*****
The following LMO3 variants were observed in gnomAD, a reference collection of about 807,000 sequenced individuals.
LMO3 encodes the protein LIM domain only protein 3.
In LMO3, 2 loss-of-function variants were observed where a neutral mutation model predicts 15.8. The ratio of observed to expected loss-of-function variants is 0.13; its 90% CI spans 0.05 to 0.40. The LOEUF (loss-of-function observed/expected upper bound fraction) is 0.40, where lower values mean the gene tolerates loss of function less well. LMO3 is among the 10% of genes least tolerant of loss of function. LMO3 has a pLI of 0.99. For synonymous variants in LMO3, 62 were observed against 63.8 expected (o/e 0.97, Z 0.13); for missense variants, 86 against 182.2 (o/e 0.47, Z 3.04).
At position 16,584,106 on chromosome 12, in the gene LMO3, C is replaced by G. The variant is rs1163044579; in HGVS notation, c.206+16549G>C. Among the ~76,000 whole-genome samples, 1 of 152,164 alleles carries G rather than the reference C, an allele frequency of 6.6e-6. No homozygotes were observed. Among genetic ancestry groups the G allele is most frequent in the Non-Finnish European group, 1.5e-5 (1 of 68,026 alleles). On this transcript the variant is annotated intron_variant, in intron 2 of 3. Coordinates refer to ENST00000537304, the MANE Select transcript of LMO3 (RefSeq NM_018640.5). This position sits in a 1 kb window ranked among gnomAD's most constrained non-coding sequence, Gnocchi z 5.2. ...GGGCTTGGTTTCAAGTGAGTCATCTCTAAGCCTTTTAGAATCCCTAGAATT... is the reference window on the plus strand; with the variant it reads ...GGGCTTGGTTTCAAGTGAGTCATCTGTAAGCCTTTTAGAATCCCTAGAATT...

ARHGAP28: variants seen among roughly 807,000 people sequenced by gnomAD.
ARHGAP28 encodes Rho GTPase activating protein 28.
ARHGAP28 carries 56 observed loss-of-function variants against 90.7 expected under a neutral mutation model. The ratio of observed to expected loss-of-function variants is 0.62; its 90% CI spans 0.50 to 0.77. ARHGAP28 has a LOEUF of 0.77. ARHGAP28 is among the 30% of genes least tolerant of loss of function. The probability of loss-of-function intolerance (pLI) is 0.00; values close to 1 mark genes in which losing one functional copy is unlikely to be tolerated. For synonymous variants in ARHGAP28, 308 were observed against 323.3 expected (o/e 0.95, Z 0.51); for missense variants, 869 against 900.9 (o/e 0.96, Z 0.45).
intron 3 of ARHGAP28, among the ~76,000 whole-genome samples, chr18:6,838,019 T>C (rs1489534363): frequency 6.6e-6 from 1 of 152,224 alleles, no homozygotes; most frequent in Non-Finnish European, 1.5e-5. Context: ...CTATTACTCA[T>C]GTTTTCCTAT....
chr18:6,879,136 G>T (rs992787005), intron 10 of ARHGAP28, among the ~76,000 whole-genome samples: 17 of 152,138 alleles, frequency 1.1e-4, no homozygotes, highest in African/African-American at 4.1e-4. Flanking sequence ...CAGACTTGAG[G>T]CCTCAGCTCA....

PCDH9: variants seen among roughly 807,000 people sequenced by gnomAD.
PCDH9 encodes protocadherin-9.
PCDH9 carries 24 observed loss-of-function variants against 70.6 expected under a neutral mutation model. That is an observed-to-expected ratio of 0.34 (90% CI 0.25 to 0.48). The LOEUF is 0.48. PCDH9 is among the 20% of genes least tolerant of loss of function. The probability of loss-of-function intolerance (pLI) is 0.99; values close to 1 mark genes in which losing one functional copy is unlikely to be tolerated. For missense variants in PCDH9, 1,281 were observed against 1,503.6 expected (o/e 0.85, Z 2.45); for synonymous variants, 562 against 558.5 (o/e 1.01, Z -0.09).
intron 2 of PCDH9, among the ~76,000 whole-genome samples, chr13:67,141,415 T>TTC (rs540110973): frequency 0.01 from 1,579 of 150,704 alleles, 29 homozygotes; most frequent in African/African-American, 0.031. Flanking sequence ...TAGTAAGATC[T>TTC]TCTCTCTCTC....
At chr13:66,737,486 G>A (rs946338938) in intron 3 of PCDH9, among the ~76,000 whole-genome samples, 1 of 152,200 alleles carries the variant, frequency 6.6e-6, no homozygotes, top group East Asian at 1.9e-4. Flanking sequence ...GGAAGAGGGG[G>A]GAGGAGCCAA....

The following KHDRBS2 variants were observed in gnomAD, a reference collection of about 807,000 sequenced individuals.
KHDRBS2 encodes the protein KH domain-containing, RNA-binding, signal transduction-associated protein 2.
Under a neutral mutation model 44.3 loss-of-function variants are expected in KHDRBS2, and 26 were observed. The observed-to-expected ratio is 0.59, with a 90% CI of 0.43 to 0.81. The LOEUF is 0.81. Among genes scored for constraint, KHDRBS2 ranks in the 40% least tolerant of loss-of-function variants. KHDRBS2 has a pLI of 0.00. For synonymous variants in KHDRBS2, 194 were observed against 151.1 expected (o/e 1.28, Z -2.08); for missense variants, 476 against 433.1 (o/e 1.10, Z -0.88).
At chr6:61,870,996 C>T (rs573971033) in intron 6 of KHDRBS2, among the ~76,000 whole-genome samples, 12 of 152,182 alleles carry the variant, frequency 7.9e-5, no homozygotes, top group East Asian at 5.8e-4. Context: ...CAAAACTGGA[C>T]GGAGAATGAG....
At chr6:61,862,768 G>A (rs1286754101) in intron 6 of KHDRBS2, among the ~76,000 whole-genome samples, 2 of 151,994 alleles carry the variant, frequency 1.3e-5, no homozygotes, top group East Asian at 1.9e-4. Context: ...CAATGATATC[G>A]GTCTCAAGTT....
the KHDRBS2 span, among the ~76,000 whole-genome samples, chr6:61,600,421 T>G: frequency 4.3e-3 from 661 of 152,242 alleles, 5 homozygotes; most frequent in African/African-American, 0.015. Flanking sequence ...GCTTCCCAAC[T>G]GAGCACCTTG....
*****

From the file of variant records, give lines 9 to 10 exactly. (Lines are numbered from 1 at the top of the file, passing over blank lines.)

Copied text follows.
chr18:6,879,136 G>T (rs992787005), intron 10 of ARHGAP28, among the ~76,000 whole-genome samples: 17 of 152,138 alleles, frequency 1.1e-4, no homozygotes, highest in African/African-American at 4.1e-4. Flanking sequence ...CAGACTTGAG[G>T]CCTCAGCTCA....

PCDH9: variants seen among roughly 807,000 people sequenced by gnomAD.